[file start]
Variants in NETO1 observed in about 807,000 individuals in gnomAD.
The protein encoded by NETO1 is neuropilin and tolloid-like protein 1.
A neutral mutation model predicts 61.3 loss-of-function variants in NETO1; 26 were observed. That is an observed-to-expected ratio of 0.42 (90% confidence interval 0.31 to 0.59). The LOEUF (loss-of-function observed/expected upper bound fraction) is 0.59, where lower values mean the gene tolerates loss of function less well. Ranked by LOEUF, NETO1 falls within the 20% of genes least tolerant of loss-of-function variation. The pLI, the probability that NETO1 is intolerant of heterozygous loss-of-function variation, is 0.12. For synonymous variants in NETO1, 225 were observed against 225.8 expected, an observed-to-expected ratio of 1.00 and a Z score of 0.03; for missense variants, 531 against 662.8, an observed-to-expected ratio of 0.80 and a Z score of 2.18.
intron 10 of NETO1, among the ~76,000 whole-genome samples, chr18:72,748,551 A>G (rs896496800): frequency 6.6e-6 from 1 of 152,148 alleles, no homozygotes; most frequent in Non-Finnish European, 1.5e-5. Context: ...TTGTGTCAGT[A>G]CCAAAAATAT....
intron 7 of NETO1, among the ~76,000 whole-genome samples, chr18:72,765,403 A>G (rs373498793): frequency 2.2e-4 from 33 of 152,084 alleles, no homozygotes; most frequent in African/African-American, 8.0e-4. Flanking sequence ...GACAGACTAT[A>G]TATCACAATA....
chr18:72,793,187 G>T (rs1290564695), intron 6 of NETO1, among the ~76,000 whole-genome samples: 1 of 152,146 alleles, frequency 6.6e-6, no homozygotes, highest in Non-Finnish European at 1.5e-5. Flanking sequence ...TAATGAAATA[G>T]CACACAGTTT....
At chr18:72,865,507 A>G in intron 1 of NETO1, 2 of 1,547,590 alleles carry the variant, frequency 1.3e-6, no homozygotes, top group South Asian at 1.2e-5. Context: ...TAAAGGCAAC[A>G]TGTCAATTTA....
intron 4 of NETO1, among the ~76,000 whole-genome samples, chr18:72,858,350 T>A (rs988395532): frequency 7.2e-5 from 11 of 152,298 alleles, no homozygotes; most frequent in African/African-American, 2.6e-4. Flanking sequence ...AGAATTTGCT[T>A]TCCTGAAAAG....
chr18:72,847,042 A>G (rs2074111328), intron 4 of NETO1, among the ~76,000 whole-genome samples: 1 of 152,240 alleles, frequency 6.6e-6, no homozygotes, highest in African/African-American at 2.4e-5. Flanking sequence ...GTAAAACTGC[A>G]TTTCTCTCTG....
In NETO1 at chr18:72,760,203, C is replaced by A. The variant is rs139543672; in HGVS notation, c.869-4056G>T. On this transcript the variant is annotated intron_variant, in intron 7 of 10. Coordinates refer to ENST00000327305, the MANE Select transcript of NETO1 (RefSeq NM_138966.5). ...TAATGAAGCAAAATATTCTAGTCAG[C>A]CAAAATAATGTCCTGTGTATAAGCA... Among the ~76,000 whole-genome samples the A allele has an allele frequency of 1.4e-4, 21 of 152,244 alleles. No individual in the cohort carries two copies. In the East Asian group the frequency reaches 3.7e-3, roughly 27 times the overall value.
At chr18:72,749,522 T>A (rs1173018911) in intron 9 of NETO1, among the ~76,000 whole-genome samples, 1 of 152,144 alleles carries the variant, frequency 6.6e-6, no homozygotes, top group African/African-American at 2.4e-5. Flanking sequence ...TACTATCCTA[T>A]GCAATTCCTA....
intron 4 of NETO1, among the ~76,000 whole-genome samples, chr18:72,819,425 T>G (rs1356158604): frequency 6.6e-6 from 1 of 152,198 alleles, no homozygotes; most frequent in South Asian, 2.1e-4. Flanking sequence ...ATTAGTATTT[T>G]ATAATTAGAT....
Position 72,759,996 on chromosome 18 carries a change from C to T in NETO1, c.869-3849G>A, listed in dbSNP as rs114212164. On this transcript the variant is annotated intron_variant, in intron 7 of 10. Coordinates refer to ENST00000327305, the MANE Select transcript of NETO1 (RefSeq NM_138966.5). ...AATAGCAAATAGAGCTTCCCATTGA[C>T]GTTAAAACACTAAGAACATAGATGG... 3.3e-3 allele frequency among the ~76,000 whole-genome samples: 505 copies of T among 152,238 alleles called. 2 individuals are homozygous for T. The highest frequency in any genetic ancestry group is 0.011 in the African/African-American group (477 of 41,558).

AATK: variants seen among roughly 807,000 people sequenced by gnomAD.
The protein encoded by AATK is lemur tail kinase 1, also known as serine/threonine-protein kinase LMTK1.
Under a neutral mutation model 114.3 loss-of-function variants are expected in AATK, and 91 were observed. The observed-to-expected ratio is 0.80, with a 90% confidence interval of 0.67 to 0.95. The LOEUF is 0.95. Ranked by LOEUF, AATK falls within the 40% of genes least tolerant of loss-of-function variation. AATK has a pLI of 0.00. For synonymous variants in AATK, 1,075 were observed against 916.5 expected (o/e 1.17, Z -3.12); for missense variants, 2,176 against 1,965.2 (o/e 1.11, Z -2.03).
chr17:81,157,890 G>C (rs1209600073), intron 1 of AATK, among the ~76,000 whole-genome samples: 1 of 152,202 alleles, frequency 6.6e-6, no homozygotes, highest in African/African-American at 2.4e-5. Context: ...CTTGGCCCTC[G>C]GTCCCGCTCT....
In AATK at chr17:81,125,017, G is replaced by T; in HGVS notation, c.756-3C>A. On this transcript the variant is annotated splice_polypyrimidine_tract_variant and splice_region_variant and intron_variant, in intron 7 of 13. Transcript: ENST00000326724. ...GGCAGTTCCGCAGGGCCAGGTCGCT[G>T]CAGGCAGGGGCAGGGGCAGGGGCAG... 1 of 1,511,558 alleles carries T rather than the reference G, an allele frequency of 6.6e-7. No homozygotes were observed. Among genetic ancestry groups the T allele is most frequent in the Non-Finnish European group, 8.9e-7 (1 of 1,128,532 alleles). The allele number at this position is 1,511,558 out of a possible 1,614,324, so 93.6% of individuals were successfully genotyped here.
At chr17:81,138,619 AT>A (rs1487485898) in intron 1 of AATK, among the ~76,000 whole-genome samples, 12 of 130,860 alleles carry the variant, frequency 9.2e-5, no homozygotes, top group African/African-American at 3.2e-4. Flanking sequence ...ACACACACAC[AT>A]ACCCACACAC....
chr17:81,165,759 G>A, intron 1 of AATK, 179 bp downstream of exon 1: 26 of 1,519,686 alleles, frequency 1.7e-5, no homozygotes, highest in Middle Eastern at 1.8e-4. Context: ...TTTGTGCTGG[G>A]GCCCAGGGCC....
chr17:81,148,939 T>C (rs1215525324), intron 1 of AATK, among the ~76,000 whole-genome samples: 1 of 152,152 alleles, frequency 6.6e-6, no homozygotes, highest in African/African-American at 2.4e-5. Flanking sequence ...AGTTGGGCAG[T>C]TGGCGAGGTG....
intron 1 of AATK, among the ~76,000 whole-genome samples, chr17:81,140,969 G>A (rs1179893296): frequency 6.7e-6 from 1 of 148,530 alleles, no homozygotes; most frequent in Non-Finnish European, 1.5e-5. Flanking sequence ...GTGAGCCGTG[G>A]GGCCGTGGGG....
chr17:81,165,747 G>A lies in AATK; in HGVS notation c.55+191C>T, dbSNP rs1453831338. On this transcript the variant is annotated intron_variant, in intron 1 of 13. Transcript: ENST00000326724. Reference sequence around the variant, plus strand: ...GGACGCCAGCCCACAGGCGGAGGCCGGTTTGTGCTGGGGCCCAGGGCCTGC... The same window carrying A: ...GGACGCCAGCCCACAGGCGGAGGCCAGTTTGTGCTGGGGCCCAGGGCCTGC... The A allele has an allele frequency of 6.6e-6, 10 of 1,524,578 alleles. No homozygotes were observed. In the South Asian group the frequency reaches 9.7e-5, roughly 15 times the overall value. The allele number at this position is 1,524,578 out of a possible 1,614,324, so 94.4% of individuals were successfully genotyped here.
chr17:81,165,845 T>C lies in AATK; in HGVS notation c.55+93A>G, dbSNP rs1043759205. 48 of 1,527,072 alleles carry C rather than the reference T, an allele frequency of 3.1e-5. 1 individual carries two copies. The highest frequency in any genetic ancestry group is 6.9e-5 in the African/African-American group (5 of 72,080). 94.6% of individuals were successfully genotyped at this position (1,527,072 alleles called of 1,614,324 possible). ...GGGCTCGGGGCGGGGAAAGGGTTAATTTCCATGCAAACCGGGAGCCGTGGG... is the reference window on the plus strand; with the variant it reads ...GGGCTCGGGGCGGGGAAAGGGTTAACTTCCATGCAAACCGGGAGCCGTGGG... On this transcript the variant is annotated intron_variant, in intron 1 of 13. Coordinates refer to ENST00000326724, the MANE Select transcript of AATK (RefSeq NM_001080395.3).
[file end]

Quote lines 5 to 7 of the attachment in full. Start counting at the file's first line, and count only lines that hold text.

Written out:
intron 7 of NETO1, among the ~76,000 whole-genome samples, chr18:72,765,403 A>G (rs373498793): frequency 2.2e-4 from 33 of 152,084 alleles, no homozygotes; most frequent in African/African-American, 8.0e-4. Flanking sequence ...GACAGACTAT[A>G]TATCACAATA....
chr18:72,793,187 G>T (rs1290564695), intron 6 of NETO1, among the ~76,000 whole-genome samples: 1 of 152,146 alleles, frequency 6.6e-6, no homozygotes, highest in Non-Finnish European at 1.5e-5. Flanking sequence ...TAATGAAATA[G>T]CACACAGTTT....
At chr18:72,865,507 A>G in intron 1 of NETO1, 2 of 1,547,590 alleles carry the variant, frequency 1.3e-6, no homozygotes, top group South Asian at 1.2e-5. Context: ...TAAAGGCAAC[A>G]TGTCAATTTA....